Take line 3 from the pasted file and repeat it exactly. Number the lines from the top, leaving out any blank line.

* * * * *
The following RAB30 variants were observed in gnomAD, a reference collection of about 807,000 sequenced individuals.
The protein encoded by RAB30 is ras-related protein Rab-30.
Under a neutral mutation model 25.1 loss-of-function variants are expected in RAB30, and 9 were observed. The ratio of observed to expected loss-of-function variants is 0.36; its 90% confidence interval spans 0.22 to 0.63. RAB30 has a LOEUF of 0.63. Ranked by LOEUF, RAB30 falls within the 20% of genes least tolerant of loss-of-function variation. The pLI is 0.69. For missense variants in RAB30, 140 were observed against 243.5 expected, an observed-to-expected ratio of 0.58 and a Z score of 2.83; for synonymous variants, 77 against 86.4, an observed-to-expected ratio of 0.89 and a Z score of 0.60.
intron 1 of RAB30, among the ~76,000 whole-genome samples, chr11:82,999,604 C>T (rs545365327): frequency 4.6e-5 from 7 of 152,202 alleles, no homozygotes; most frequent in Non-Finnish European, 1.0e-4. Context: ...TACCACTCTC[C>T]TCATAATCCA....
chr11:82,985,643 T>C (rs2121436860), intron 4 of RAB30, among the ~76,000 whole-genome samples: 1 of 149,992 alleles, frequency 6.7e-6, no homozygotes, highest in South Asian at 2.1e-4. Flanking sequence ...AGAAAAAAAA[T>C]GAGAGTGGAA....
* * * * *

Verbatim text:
Under a neutral mutation model 25.1 loss-of-function variants are expected in RAB30, and 9 were observed. The ratio of observed to expected loss-of-function variants is 0.36; its 90% confidence interval spans 0.22 to 0.63. RAB30 has a LOEUF of 0.63. Ranked by LOEUF, RAB30 falls within the 20% of genes least tolerant of loss-of-function variation. The pLI is 0.69. For missense variants in RAB30, 140 were observed against 243.5 expected, an observed-to-expected ratio of 0.58 and a Z score of 2.83; for synonymous variants, 77 against 86.4, an observed-to-expected ratio of 0.89 and a Z score of 0.60.